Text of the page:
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Palestinian New Yorkers react to Gaza siege
Source: BI-ME , Author: Moussa Ahmad
Posted: Tue November 18, 2008 12:00 am

PALESTINIAN TERRITORIES. Some 12 days after Israel implemented an embargo on all goods entering the Gaza Strip, including humanitarian aid, the UN had been forced to stop food distribution.

Today, Israel allowed 33 trucks with humanitarian aid into Gaza, affording temporary relief, but the UN is concerned that their supplies won't last long. Palestinian New Yorkers reacted with deep frustration upon hearing the news.

"How can it be okay to let 1.5 million people, more than half of them children, go hungry?" asked Linda Sarsour, a Bay Ridge native whose parents are Palestinian immigrants. "There are little kids who need food and old people who need medicine. People don't have fuel and they're even running out of candles. This is crazy."

New York and New Jersey are home to two of the largest Palestinian communities in the United States, with heavy concentrations in Bay Ridge, Brooklyn and Paterson, New Jersey. Many Palestinian New Yorkers and New Jersey residents, young and old, have been following the news this week with grave concern and disbelief.

Much of their disbelief stems from Israel's refusal to allow food, medicine and fuel into the Gaza Strip, a violation of international law, and yet, it has acted thus far with impunity. Though the United Nations and European Union have both condemned the siege, the silence of the United States is deafening.

"I just feel so helpless," said Sawsan Zaky, a Westchester resident. "Israel is not listening to the UN or the European Union. My government is not saying anything. And all these people are sitting in the dark without food. And we know something can be done; it's just that nobody is lifting a finger."

Israel has cited Hamas rocket fire as the justification for its embargo on humanitarian aid. The rocket fire followed an unprovoked Israeli attack on Gaza that killed six Palestinians on 4 November, despite a ceasefire.

"Collective punishment is illegal under international law and anyone can see that cutting 1.5 million people off from food, medicine and fuel is barbaric." said Remi Kanazi, an Astoria resident.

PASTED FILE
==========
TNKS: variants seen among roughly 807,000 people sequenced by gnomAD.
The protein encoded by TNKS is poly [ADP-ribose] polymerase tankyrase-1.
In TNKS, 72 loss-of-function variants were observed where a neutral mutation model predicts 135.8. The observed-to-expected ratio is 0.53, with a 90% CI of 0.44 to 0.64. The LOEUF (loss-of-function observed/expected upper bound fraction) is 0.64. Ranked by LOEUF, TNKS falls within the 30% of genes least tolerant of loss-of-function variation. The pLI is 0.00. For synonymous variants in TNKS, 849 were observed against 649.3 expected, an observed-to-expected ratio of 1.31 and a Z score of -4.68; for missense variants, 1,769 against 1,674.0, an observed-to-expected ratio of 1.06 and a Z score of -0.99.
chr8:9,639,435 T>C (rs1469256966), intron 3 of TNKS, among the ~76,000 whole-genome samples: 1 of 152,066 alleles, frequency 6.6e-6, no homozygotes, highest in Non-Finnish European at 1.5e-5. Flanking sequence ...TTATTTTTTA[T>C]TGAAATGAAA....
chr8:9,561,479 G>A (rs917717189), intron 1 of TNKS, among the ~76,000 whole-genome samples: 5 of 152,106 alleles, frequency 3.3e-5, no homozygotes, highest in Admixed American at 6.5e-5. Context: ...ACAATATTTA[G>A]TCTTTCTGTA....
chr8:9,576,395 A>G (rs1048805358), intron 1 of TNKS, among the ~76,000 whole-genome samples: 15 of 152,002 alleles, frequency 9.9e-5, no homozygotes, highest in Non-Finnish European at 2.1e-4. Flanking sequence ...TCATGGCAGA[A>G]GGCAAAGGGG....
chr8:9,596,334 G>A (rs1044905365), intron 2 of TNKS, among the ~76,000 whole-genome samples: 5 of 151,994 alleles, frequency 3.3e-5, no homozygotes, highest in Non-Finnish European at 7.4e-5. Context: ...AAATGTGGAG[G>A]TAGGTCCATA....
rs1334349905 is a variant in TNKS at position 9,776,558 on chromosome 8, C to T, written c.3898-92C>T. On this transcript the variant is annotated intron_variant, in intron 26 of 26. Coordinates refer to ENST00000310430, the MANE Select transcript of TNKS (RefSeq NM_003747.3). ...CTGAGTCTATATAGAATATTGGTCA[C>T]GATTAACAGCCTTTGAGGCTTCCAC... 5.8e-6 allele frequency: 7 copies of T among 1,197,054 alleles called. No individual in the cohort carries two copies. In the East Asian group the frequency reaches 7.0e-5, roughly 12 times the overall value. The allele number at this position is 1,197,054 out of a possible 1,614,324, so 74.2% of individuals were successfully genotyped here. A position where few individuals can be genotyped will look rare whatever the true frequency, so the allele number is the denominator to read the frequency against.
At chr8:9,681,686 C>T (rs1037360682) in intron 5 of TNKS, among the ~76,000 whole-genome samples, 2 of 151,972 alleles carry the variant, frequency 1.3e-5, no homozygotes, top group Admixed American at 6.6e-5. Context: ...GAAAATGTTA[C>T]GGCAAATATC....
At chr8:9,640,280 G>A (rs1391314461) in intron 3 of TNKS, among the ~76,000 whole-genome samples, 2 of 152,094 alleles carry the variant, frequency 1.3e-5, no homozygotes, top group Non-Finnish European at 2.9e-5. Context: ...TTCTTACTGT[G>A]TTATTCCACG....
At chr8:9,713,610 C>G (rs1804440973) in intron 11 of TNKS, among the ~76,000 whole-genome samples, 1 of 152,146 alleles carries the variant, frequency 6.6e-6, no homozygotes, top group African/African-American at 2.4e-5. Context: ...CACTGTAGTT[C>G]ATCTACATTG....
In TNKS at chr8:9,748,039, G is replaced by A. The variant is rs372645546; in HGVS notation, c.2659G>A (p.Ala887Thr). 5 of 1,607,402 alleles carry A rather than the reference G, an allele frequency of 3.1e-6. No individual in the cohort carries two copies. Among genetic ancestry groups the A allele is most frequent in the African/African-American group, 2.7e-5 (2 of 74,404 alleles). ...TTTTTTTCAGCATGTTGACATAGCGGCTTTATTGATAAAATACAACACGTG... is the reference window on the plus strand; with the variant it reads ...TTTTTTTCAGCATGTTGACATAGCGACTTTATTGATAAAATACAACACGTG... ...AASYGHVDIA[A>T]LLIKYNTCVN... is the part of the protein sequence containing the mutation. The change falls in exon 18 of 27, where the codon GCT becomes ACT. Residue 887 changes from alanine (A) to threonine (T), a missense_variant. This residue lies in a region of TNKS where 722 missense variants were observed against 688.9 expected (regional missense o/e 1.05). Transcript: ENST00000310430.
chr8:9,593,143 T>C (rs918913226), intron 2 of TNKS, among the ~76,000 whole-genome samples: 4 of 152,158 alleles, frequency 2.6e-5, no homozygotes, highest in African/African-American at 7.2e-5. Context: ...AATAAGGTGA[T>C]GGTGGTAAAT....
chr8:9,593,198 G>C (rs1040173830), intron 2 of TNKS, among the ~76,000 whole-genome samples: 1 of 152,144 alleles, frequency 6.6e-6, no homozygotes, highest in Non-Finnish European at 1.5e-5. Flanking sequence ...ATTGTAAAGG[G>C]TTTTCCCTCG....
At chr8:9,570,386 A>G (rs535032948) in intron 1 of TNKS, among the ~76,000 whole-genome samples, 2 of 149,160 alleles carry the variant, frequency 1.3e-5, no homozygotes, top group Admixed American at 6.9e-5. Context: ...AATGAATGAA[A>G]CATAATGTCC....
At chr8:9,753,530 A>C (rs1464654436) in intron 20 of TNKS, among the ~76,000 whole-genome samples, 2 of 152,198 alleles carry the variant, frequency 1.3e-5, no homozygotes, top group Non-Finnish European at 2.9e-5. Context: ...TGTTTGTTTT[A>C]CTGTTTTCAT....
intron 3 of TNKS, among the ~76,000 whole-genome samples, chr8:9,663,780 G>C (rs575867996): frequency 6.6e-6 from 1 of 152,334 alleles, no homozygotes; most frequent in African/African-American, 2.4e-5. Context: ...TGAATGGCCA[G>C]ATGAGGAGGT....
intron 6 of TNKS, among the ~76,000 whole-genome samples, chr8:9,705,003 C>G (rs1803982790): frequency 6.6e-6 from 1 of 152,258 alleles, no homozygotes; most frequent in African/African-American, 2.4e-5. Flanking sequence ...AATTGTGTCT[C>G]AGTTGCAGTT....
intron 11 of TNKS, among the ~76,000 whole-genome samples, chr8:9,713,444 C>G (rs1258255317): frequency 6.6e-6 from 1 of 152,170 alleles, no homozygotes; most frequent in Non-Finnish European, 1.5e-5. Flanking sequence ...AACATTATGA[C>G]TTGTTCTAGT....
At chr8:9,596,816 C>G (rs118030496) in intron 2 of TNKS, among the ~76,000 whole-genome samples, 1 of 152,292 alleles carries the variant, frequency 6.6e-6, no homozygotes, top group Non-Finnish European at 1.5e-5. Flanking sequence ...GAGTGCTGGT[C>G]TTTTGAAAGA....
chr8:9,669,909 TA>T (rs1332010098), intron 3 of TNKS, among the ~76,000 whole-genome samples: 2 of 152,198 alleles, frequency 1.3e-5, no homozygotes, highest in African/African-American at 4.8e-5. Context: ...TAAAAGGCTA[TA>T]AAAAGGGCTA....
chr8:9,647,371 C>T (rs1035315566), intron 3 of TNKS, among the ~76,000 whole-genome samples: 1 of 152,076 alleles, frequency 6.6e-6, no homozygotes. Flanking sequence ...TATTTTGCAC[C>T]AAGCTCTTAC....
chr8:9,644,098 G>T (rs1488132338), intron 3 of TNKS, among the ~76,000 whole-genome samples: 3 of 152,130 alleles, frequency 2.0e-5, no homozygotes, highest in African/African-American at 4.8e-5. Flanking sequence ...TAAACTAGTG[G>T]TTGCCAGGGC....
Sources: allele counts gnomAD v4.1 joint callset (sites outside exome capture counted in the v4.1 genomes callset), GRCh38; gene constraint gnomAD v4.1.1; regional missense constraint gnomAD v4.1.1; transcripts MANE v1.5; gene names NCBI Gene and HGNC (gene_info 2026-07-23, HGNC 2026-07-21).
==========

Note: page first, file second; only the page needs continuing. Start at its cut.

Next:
Many Palestinian Americans are also frustrated by the lack of news coverage emerging from Gaza, due to an Israeli ban on journalists entering the territory. Foreign Press Association chairman Steven Gutnik called the ban "a serious violation of freedom of the press" and said that "it is essential that journalists be allowed to enter the Gaza Strip since it is the foreign media that serves as the world's window into Gaza."

In response to the ongoing crisis, Adalah-NY and NAAP-NY - two US organisations dedicated to protecting human rights - have issued an action alert urging their members to write to their congressional representatives, as well as to the US Mission to the UN, expressing their concern about the fate of Gaza's civilian population.

"We need to take action," said Lubna Ka'aabneh of Adalah-NY. "The US has a lot of leverage over Israel, and we demand that our government do what's right, and tell Israel to end this immoral and illegal siege."

"Sitting in the comfort of New York, what can I say to suffering family and friends in Gaza?" asks Jamal Rayyis, a writer in New York City. "I'm sorry? Don't worry, things will be better? I've been saying these things for almost ten years, sending moral support and help when I can. Yet, the situation worsens day to day, month to month, year to year. It's sickening." 

For more information about NAAP-NY visit www.naaponline.org

 

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